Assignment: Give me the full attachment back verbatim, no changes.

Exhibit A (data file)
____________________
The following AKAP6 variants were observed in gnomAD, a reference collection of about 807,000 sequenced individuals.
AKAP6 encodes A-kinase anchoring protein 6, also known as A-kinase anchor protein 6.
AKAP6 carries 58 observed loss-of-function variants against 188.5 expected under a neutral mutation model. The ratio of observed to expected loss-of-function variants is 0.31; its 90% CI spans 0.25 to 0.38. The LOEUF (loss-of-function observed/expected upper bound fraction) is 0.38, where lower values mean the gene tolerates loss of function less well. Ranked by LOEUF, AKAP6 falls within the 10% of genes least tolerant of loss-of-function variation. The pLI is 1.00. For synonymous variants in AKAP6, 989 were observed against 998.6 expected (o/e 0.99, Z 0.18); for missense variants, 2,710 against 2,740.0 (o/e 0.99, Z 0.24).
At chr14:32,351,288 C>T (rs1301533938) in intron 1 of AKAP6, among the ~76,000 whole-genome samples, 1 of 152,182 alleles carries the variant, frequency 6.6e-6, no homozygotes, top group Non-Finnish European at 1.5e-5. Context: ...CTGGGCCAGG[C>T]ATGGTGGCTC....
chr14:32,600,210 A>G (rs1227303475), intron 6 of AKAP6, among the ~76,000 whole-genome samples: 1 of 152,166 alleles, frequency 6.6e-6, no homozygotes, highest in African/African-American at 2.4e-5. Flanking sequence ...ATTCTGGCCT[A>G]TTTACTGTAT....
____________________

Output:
The following AKAP6 variants were observed in gnomAD, a reference collection of about 807,000 sequenced individuals.
AKAP6 encodes A-kinase anchoring protein 6, also known as A-kinase anchor protein 6.
AKAP6 carries 58 observed loss-of-function variants against 188.5 expected under a neutral mutation model. The ratio of observed to expected loss-of-function variants is 0.31; its 90% CI spans 0.25 to 0.38. The LOEUF (loss-of-function observed/expected upper bound fraction) is 0.38, where lower values mean the gene tolerates loss of function less well. Ranked by LOEUF, AKAP6 falls within the 10% of genes least tolerant of loss-of-function variation. The pLI is 1.00. For synonymous variants in AKAP6, 989 were observed against 998.6 expected (o/e 0.99, Z 0.18); for missense variants, 2,710 against 2,740.0 (o/e 0.99, Z 0.24).
At chr14:32,351,288 C>T (rs1301533938) in intron 1 of AKAP6, among the ~76,000 whole-genome samples, 1 of 152,182 alleles carries the variant, frequency 6.6e-6, no homozygotes, top group Non-Finnish European at 1.5e-5. Context: ...CTGGGCCAGG[C>T]ATGGTGGCTC....
chr14:32,600,210 A>G (rs1227303475), intron 6 of AKAP6, among the ~76,000 whole-genome samples: 1 of 152,166 alleles, frequency 6.6e-6, no homozygotes, highest in African/African-American at 2.4e-5. Flanking sequence ...ATTCTGGCCT[A>G]TTTACTGTAT....